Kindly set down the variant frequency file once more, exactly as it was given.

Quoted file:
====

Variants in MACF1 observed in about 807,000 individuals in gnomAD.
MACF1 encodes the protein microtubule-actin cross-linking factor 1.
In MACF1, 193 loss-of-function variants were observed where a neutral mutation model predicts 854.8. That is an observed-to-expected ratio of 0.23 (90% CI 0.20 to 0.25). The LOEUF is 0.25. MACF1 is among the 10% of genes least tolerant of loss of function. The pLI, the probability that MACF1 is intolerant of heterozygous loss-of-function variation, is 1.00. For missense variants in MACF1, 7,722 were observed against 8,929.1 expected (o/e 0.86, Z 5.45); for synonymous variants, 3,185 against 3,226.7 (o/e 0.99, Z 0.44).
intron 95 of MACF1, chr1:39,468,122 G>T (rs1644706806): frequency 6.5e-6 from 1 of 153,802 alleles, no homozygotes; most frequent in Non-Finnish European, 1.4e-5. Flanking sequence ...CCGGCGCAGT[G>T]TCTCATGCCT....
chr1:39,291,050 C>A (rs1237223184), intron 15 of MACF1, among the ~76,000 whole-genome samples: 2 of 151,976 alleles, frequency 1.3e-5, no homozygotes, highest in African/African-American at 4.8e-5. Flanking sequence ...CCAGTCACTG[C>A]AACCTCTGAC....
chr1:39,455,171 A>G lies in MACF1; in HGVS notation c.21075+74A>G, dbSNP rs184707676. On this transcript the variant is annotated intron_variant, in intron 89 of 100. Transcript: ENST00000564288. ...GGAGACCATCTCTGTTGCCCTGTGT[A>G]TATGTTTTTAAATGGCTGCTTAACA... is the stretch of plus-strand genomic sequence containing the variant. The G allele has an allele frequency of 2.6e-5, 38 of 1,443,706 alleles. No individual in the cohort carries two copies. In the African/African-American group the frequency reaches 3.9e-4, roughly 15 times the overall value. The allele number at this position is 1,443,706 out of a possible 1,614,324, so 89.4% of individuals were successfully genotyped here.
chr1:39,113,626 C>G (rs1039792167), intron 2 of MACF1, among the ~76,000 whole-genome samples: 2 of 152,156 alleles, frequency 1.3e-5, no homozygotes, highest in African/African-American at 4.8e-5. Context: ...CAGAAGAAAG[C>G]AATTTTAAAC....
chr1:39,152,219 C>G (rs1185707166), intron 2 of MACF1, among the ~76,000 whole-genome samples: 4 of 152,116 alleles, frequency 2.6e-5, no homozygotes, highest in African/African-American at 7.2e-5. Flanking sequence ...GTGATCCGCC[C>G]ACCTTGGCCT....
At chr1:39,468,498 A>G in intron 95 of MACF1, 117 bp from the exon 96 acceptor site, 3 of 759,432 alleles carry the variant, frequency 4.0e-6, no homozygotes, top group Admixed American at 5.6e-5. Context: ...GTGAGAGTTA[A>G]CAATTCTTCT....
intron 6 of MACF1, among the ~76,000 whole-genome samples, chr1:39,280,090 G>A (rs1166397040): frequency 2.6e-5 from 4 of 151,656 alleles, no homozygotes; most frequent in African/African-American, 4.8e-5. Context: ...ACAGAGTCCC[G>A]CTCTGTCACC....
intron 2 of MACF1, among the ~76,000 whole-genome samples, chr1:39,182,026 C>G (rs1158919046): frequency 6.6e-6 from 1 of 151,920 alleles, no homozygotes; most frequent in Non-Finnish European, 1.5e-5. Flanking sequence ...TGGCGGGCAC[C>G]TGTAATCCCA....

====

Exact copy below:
Variants in MACF1 observed in about 807,000 individuals in gnomAD.
MACF1 encodes the protein microtubule-actin cross-linking factor 1.
In MACF1, 193 loss-of-function variants were observed where a neutral mutation model predicts 854.8. That is an observed-to-expected ratio of 0.23 (90% CI 0.20 to 0.25). The LOEUF is 0.25. MACF1 is among the 10% of genes least tolerant of loss of function. The pLI, the probability that MACF1 is intolerant of heterozygous loss-of-function variation, is 1.00. For missense variants in MACF1, 7,722 were observed against 8,929.1 expected (o/e 0.86, Z 5.45); for synonymous variants, 3,185 against 3,226.7 (o/e 0.99, Z 0.44).
intron 95 of MACF1, chr1:39,468,122 G>T (rs1644706806): frequency 6.5e-6 from 1 of 153,802 alleles, no homozygotes; most frequent in Non-Finnish European, 1.4e-5. Flanking sequence ...CCGGCGCAGT[G>T]TCTCATGCCT....
chr1:39,291,050 C>A (rs1237223184), intron 15 of MACF1, among the ~76,000 whole-genome samples: 2 of 151,976 alleles, frequency 1.3e-5, no homozygotes, highest in African/African-American at 4.8e-5. Flanking sequence ...CCAGTCACTG[C>A]AACCTCTGAC....
chr1:39,455,171 A>G lies in MACF1; in HGVS notation c.21075+74A>G, dbSNP rs184707676. On this transcript the variant is annotated intron_variant, in intron 89 of 100. Transcript: ENST00000564288. ...GGAGACCATCTCTGTTGCCCTGTGT[A>G]TATGTTTTTAAATGGCTGCTTAACA... is the stretch of plus-strand genomic sequence containing the variant. The G allele has an allele frequency of 2.6e-5, 38 of 1,443,706 alleles. No individual in the cohort carries two copies. In the African/African-American group the frequency reaches 3.9e-4, roughly 15 times the overall value. The allele number at this position is 1,443,706 out of a possible 1,614,324, so 89.4% of individuals were successfully genotyped here.
chr1:39,113,626 C>G (rs1039792167), intron 2 of MACF1, among the ~76,000 whole-genome samples: 2 of 152,156 alleles, frequency 1.3e-5, no homozygotes, highest in African/African-American at 4.8e-5. Context: ...CAGAAGAAAG[C>G]AATTTTAAAC....
chr1:39,152,219 C>G (rs1185707166), intron 2 of MACF1, among the ~76,000 whole-genome samples: 4 of 152,116 alleles, frequency 2.6e-5, no homozygotes, highest in African/African-American at 7.2e-5. Flanking sequence ...GTGATCCGCC[C>G]ACCTTGGCCT....
At chr1:39,468,498 A>G in intron 95 of MACF1, 117 bp from the exon 96 acceptor site, 3 of 759,432 alleles carry the variant, frequency 4.0e-6, no homozygotes, top group Admixed American at 5.6e-5. Context: ...GTGAGAGTTA[A>G]CAATTCTTCT....
intron 6 of MACF1, among the ~76,000 whole-genome samples, chr1:39,280,090 G>A (rs1166397040): frequency 2.6e-5 from 4 of 151,656 alleles, no homozygotes; most frequent in African/African-American, 4.8e-5. Context: ...ACAGAGTCCC[G>A]CTCTGTCACC....
intron 2 of MACF1, among the ~76,000 whole-genome samples, chr1:39,182,026 C>G (rs1158919046): frequency 6.6e-6 from 1 of 151,920 alleles, no homozygotes; most frequent in Non-Finnish European, 1.5e-5. Flanking sequence ...TGGCGGGCAC[C>G]TGTAATCCCA....